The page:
Following a year in the shipyard marked by false hopes and setbacks, the venerable Tusty is coming back in the spring, and a brand new ferry is on the drawing board.
The fixed-up state ferry Tustemena is "alive and well" and "mechanically in very good shape right now," Capt. John Falvey, the general manager of the Alaska Marine Highway System, told the Southwest Alaska Municipal Conference last week.
The ship, which serves Southwest Alaska, was out of service for a whole year before finally returning in October, causing economic hardship to small businesses and individuals in the 11 communities serviced by the ferry system between Kodiak Island and Unalaska.
SWAMC, composed of representatives of local governments and Native corporations and other businesses and nonprofit organizations, called for the state to fully fund the construction of a new vessel, estimated at between $175 and $210 million.
"The rough and exposed waters of the Aleutians can accelerate the deterioration of any vessel servicing the region, and recent vessel aging problems and repair delays are well documented and have created significant, recurring service disruptions and outages in the region," according to the SWAMC resolution.
Falvey reported "five to 10 good years" remaining in the 50-year-old vintage passenger and vehicle transport, which plies the Aleutian Chain in summer months.
Meanwhile, Falvey said replacement plans are "well underway," and a Seattle naval architect, Glosten Associates, is designing a new and larger boat. The final design is expected in June 2015, and SWAMC then wants "an immediate start of vessel construction," estimated to take two to three years.
The new ship will be longer, wider, a little deeper, and carry way more people and more vehicles, Falvey said. It will be 325 feet long and 68 feet wide, more footage each way than the 296-by-50-foot veteran vessel. Passenger capacity rises from 174 to 250. And even with efficiencies due to more automation, the jumbo version will still need a few more workers, with the crew size increasing from 38 to 42.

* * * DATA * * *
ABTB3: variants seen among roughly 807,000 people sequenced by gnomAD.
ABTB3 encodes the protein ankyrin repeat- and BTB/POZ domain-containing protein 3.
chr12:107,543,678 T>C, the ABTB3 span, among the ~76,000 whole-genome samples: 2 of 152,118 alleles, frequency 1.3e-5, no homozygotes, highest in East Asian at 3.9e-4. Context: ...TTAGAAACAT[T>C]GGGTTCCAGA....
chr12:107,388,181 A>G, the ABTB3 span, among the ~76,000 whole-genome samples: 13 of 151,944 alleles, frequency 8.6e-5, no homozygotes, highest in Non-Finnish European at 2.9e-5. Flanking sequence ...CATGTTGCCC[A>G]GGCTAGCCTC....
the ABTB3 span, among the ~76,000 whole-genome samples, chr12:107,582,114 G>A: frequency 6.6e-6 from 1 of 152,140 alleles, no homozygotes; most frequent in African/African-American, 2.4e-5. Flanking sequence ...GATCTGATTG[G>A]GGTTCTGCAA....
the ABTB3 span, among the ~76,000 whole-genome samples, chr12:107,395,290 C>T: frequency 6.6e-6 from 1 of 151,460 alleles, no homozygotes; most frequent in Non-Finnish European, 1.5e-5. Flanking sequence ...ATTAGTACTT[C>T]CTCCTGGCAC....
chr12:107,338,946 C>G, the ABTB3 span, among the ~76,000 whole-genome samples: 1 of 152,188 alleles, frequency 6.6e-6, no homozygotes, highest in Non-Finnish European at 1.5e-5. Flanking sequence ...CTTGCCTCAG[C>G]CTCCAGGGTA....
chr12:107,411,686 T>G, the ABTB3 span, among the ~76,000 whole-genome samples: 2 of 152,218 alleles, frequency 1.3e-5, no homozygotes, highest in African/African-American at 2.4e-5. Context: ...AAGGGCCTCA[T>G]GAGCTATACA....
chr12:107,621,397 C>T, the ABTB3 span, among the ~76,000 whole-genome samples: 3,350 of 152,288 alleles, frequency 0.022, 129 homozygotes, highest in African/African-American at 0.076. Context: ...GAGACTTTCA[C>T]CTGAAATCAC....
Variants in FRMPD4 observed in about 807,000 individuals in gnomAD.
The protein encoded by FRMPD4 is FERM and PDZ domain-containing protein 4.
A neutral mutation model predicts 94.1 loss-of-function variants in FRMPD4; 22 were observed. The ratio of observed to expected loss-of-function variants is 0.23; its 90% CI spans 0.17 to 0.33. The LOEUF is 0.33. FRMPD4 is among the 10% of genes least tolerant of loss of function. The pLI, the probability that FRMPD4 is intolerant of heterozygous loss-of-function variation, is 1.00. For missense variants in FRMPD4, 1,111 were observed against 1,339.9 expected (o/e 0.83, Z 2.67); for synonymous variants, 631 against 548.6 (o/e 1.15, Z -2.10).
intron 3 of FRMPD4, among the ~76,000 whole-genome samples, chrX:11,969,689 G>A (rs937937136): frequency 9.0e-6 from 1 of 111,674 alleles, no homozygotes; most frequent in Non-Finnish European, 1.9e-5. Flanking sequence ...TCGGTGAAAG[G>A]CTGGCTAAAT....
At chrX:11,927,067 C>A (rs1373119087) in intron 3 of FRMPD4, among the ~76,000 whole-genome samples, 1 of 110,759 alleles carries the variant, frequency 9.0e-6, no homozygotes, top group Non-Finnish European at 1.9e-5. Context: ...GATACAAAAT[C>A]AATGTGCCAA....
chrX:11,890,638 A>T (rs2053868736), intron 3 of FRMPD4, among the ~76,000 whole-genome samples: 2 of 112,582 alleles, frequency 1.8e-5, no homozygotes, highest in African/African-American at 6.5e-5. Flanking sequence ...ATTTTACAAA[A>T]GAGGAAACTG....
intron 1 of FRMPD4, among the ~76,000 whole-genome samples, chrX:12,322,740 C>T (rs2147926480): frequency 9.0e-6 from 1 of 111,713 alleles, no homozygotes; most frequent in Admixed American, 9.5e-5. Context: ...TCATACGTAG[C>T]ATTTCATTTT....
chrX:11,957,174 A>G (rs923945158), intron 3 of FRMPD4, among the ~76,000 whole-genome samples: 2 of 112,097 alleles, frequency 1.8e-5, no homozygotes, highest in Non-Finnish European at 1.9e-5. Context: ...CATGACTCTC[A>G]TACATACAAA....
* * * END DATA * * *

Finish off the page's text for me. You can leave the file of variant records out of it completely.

"A lot more cars" can make the trip between Unalaska and Homer, Falvey said, at 52, up from 36 maximum on the existing vessel, thanks to an increase in parking lane length from 720 to 1,135 feet below decks.
Faster passages are another benefit, with the maximum speed topping off at 15 knots per hours, up from 13.8 knots. Time spent on vehicles in port could be cut substantially with side-loading doors for cars and trucks to drive on and off the vessel from new floating docks alongside the ship in Kodiak and Homer, according to Falvey.
Falvey said public meetings are set for Kodiak, Homer, and Unalaska, followed by meetings in the smaller communities served by the Tustemena in May or June. Details still need to be worked out on the small port visits: "Maybe we can ride the Tusty down the Chain and hold the meetings."
Passenger and vehicle fares haven't changed since 2007, but are now being reviewed, he said. A conference attendee from Kodiak complained that commercial vehicles get free electricity when they plug refrigeration systems into the vessel's power system, with the cost passed onto other travelers.
Falvey said the ferry system doesn't have a way to measure electricity used by the vehicles, but promised a "closer look."
The Tustemena's Aleutian trips only happen between April and October, and not in the winter, because "weatherwise it becomes very challenging," said Falvey, in response a question about the lack of year-round service. The vessel makes two trips per month during the peak season between Homer and Unalaska/Dutch Harbor.
At the event, at the Captain Cook Hotel in Anchorage, Alaska maritime historian Penelope Goforth noted that the region's frequency of government-provided ocean passenger service has hardly changed in the past two centuries, dating back to the 1890s.